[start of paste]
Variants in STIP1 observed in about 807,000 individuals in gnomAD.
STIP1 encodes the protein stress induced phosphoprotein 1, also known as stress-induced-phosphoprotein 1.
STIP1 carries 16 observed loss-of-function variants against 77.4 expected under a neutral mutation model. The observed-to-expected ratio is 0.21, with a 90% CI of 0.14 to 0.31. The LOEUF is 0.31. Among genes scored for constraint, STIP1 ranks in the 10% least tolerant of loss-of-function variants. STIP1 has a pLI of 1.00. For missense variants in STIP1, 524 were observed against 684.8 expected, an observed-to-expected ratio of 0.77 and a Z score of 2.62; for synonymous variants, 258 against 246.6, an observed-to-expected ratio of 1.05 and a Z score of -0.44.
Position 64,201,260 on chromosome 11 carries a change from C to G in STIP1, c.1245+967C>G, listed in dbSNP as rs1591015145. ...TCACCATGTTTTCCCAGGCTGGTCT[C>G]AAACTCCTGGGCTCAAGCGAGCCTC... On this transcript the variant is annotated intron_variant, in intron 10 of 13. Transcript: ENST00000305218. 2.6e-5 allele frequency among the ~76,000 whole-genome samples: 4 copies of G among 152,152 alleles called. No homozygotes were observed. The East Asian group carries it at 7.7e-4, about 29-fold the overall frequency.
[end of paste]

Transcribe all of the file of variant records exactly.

Variants in STIP1 observed in about 807,000 individuals in gnomAD.
STIP1 encodes the protein stress induced phosphoprotein 1, also known as stress-induced-phosphoprotein 1.
STIP1 carries 16 observed loss-of-function variants against 77.4 expected under a neutral mutation model. The observed-to-expected ratio is 0.21, with a 90% CI of 0.14 to 0.31. The LOEUF is 0.31. Among genes scored for constraint, STIP1 ranks in the 10% least tolerant of loss-of-function variants. STIP1 has a pLI of 1.00. For missense variants in STIP1, 524 were observed against 684.8 expected, an observed-to-expected ratio of 0.77 and a Z score of 2.62; for synonymous variants, 258 against 246.6, an observed-to-expected ratio of 1.05 and a Z score of -0.44.
Position 64,201,260 on chromosome 11 carries a change from C to G in STIP1, c.1245+967C>G, listed in dbSNP as rs1591015145. ...TCACCATGTTTTCCCAGGCTGGTCT[C>G]AAACTCCTGGGCTCAAGCGAGCCTC... On this transcript the variant is annotated intron_variant, in intron 10 of 13. Transcript: ENST00000305218. 2.6e-5 allele frequency among the ~76,000 whole-genome samples: 4 copies of G among 152,152 alleles called. No homozygotes were observed. The East Asian group carries it at 7.7e-4, about 29-fold the overall frequency.